Intended for healthcare professionals

Opinion Talking Point

John Launer: When outpatient appointments are put on hold

BMJ 2022; 379 doi: (Published 19 October 2022) Cite this as: BMJ 2022;379:o2479
  1. John Launer, GP educator and writer
  1. London
  1. johnlauner{at}
    Follow John on Twitter @johnlauner

I have a long term medical condition that requires regular hospital review. In theory this should happen every six months. Nowadays, most of the appointment letters or texts I receive from the hospital tell me that my next review has been postponed, usually for a further six months. A series of such delays, beginning before the covid-19 pandemic but extending into it, led at one point to a gap of nearly three years without a face-to-face or phone appointment.

Because I’m a doctor and my condition is fairly stable, I can more or less cope with the resulting anxiety. I can access my GP fairly easily when I need to, and not only because I’m a colleague. I also know from the inside how much pressure the NHS is under and how threadbare its fabric has become: it was bad before the pandemic and is dangerously so now. All the same, I’m concerned about the risks to other patients in the same position who may not have any of the advantages I have, nor be in a position to monitor themselves. My own wait ended when I contacted the consultant directly, but I have no idea how long it might have lasted for someone not bold enough to do so.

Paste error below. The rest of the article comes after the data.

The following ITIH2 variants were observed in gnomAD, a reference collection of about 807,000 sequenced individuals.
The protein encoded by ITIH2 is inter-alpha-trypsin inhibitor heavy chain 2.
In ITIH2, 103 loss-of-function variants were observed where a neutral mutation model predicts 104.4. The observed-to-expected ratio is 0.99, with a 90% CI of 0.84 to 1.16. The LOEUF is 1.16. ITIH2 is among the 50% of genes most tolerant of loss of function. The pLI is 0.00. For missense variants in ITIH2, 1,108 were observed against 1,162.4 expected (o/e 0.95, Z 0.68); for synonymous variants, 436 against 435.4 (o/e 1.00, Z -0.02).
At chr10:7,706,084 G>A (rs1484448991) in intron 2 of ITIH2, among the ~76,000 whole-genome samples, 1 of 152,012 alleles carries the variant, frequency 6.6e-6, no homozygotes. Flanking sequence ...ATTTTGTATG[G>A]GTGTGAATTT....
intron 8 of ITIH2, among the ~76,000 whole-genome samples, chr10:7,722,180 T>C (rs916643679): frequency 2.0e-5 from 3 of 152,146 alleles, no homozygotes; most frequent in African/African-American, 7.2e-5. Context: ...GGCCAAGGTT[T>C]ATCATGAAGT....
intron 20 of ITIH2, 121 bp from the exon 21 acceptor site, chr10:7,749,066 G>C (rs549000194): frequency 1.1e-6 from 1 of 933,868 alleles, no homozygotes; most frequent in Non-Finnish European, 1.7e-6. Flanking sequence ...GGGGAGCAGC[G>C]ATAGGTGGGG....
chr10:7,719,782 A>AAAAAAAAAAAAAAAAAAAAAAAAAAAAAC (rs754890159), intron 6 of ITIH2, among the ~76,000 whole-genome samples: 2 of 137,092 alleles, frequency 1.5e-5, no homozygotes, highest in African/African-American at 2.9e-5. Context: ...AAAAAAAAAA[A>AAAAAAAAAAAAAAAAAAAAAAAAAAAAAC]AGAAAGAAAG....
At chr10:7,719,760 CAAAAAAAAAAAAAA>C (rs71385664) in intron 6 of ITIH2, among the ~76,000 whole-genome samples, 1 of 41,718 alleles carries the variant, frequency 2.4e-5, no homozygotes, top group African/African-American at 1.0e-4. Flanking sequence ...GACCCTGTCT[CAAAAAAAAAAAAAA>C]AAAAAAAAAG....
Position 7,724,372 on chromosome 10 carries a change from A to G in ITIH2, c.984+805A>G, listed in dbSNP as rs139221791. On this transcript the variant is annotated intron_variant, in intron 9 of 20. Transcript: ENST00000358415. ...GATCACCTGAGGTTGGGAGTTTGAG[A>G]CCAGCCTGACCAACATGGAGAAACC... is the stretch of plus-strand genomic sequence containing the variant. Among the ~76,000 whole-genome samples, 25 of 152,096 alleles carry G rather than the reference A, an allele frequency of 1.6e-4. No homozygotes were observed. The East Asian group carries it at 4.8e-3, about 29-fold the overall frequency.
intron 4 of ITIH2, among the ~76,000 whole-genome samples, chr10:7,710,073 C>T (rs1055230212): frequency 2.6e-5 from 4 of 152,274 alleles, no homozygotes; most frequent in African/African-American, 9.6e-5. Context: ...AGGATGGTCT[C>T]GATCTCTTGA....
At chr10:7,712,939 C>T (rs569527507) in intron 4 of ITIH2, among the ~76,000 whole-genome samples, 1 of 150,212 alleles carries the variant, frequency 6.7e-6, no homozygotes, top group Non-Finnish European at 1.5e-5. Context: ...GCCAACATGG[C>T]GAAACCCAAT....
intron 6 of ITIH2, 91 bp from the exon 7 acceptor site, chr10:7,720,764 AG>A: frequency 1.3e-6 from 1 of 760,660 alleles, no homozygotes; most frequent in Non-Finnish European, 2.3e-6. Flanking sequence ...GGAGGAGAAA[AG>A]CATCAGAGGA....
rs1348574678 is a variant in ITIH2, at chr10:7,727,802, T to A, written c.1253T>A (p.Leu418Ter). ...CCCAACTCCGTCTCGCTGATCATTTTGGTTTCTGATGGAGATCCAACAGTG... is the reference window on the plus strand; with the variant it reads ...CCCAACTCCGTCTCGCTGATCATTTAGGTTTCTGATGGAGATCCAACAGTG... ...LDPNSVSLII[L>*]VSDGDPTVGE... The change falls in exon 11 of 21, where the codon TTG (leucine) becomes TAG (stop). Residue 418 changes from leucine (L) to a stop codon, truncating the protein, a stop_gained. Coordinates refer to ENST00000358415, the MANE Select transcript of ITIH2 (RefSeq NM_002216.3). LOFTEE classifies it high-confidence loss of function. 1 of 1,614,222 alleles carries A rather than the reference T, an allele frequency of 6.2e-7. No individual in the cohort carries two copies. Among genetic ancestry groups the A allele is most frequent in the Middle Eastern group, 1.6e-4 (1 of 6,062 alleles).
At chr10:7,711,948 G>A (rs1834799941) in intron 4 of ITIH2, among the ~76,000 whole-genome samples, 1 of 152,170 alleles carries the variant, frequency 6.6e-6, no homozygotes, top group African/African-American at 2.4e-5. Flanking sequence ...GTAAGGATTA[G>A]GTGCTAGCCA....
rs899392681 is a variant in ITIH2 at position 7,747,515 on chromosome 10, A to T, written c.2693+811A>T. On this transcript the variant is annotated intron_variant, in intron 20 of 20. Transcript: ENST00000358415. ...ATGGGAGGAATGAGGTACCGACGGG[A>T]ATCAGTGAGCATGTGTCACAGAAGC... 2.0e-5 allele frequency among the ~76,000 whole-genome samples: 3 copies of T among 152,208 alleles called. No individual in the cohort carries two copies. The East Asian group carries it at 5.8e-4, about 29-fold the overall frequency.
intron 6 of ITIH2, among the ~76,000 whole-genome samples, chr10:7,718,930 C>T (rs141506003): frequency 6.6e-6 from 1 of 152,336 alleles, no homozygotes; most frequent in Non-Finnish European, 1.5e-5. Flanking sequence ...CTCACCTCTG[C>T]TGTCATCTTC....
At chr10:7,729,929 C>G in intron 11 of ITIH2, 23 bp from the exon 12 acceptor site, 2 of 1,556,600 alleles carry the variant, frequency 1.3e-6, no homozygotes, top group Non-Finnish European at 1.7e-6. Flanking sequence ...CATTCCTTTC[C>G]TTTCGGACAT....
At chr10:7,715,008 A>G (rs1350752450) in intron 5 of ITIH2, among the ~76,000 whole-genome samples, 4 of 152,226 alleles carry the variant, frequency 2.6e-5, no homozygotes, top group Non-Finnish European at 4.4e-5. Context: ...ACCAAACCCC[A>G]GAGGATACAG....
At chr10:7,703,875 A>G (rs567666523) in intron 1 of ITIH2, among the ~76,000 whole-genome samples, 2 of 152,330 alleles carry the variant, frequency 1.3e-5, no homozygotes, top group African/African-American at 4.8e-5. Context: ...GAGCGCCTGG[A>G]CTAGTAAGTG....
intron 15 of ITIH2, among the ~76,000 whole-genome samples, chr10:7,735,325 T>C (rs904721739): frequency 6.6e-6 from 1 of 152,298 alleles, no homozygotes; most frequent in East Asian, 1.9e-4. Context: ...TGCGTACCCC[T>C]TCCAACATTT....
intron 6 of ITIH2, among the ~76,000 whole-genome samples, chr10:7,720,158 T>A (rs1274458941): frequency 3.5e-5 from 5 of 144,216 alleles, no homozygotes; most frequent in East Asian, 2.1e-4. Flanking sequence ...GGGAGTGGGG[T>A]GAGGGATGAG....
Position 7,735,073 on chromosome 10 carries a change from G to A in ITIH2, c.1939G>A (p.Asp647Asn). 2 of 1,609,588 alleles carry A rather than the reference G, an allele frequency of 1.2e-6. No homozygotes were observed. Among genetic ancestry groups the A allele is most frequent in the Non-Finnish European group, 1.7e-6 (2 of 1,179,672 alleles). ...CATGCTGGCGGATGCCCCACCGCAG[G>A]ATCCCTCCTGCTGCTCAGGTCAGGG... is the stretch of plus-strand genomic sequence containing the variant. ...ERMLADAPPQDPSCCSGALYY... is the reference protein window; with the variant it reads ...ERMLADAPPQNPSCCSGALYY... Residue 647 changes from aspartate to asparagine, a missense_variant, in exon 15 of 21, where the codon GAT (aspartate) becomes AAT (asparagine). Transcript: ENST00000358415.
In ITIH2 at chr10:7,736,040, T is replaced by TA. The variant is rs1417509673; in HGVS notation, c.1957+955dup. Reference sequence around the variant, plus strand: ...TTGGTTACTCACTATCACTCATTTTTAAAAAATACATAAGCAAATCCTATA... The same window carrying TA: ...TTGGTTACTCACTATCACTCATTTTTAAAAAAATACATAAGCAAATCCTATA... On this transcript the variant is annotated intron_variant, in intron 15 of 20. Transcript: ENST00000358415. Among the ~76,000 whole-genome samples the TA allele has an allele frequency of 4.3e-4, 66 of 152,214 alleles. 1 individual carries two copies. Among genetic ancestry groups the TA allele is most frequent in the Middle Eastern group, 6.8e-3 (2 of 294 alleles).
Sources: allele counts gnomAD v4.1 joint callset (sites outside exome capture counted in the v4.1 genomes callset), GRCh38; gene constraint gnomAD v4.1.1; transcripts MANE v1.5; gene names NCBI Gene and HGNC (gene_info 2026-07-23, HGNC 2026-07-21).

During my wait I saw no sign that the hospital was taking any precautions when putting routine care on hold in this way. I inquired whether arrangements were in place for a clinician to screen everyone’s notes for risks before a manager cancelled a clinic because of service pressures or covid-19. The answer was no. Everything is evidently done by managers and administrators only. I also asked if there was a limit on how many times an appointment could be postponed or if there was a system for monitoring the consequences. I was thinking not just of heightened anxiety among patients but about adverse outcomes—medical complications, emergency admissions, or even preventable deaths among patients who should have been seen regularly. Apparently, this wasn’t the case either.

This is clearly unsafe practice, but repeated delays are still happening, and this may be the case in some other hospitals too. We already know about the frightening scale of delayed referrals, cancelled operations, and lengthening waiting lists in the NHS, but at least these are being measured. If routine outpatient care in some hospitals is also unravelling, it may be doing so invisibly and with no publicity.

Some simple measures could mitigate the likely harms and save lives. These could include phone reviews after a maximum interval or arranging for routine investigations to take place and be reviewed, even without an appointment, when safe to do so. If hospitals are having to reduce regular care for long term conditions, they should monitor this, prioritise any patients at risk, and have safety nets in place.


  • Competing interests: None.

  • Provenance and peer review: Commissioned; not externally peer reviewed.